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- Choose the right blade before you start: When you saw through very thick stock, each saw tooth cuts out an enormous amount of waste. And to maintain a reasonably productive feed rate, there should be room for the waste to occupy until the tooth emerges from the cut. Blades with about 3 teeth per inch have large gullets that can take as much waste as you will produce, just by sawing through thick stock. You can try the wood slicer. The wood slicer has a thin kerf variable pitch 3 – 4 tpi design, making it the smoothest and quietest re-saw blade available on the market.
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- Tension on the blade for a better performance: A sufficient tension on the blade helps to keep the stock centered even if your control isn’t exactly flawless, it also reduces the tendency of the blade from fluttering under thrust. It is considerably easy get your desired amount of tensioning. Have a wood slicer on your saw with lateral guides and thrust bearings opened up and backed off both above the table and also below the table so that they do not have any contact with the blade. When the saw is unplugged, put on some more tension and gently give the blade some a sharp sideways poke, using your index finger just halfway between the upper and lower wheels.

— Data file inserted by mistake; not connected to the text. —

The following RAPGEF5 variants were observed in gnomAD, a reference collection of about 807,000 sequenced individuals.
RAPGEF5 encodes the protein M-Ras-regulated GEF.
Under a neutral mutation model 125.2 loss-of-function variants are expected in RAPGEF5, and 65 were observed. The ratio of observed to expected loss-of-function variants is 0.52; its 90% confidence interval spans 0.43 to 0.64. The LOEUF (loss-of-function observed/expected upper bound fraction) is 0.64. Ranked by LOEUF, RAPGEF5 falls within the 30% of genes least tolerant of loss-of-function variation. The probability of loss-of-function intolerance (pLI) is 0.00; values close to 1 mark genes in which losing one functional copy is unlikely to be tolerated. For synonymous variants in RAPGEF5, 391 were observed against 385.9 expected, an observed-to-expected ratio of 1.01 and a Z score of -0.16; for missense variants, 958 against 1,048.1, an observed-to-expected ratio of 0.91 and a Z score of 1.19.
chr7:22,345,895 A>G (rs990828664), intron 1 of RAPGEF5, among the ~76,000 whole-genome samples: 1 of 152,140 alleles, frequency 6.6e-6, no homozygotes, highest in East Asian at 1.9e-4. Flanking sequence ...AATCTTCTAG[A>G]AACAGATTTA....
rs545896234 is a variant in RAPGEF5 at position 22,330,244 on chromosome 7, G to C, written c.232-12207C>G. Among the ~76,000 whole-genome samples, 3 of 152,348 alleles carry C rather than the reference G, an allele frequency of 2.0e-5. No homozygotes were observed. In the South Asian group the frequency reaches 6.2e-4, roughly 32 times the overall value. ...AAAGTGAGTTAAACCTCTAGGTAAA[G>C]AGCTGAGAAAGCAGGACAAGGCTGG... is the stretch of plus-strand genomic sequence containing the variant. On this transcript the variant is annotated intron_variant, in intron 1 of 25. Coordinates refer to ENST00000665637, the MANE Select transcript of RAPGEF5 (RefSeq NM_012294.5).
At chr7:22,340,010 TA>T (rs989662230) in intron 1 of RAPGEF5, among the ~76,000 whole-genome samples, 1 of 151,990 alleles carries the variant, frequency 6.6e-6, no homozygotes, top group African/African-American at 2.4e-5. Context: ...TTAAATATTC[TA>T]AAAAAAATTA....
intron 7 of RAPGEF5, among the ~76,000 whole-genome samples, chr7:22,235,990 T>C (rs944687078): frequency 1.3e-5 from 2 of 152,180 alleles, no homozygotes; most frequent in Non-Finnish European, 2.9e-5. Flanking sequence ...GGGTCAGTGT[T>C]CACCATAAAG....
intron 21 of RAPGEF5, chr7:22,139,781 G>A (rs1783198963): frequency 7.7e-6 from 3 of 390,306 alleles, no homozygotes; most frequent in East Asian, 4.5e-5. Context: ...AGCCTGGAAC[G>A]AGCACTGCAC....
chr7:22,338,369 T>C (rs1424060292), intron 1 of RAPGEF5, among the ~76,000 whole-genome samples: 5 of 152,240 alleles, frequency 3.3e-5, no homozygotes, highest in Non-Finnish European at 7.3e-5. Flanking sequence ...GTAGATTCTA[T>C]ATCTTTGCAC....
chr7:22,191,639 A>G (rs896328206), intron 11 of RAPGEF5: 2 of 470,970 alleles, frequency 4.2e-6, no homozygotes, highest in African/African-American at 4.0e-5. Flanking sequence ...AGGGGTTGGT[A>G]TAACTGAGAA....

- Adjust your blade guide: Once you have the blade tensioned, and you are sure that it is tracking properly, you will need to do some tuning so as to increase the potential for performance. So, before you begin to bring your lateral guide and thrust bearings anywhere close to the blade, you should close the wheel covers, plug the saw and then turn it on. You should ensure that the blade tracks well at full speed, and as you keep a close eye on this, you should also adjust the tracking setting as necessary. You should keep an eye on the blade. If you notice that the vibration blurs the blade, you should try to either increase or decrease the tension slightly, just until the blade is operating smoothly in a straight, quiet line, from wheel to wheel.
- Steering your work piece: All you need to do to cut on a straight line is to know just how the saw wants to go about doing it, and you should do exactly as it wants. All bandsaws can cut straight lines, this is except if there is something functionally wrong with it, but know this, they will do their thing their own way, and your job is to follow. Blades have their own lead angle and this may differ from the straight ahead. So, if you are re-sawing just one or two pieces, it would be easier if you used a point block fence – a fence that is tall enough for you to hold your stock in an upright position, leaving the feed direction for you to handle manually.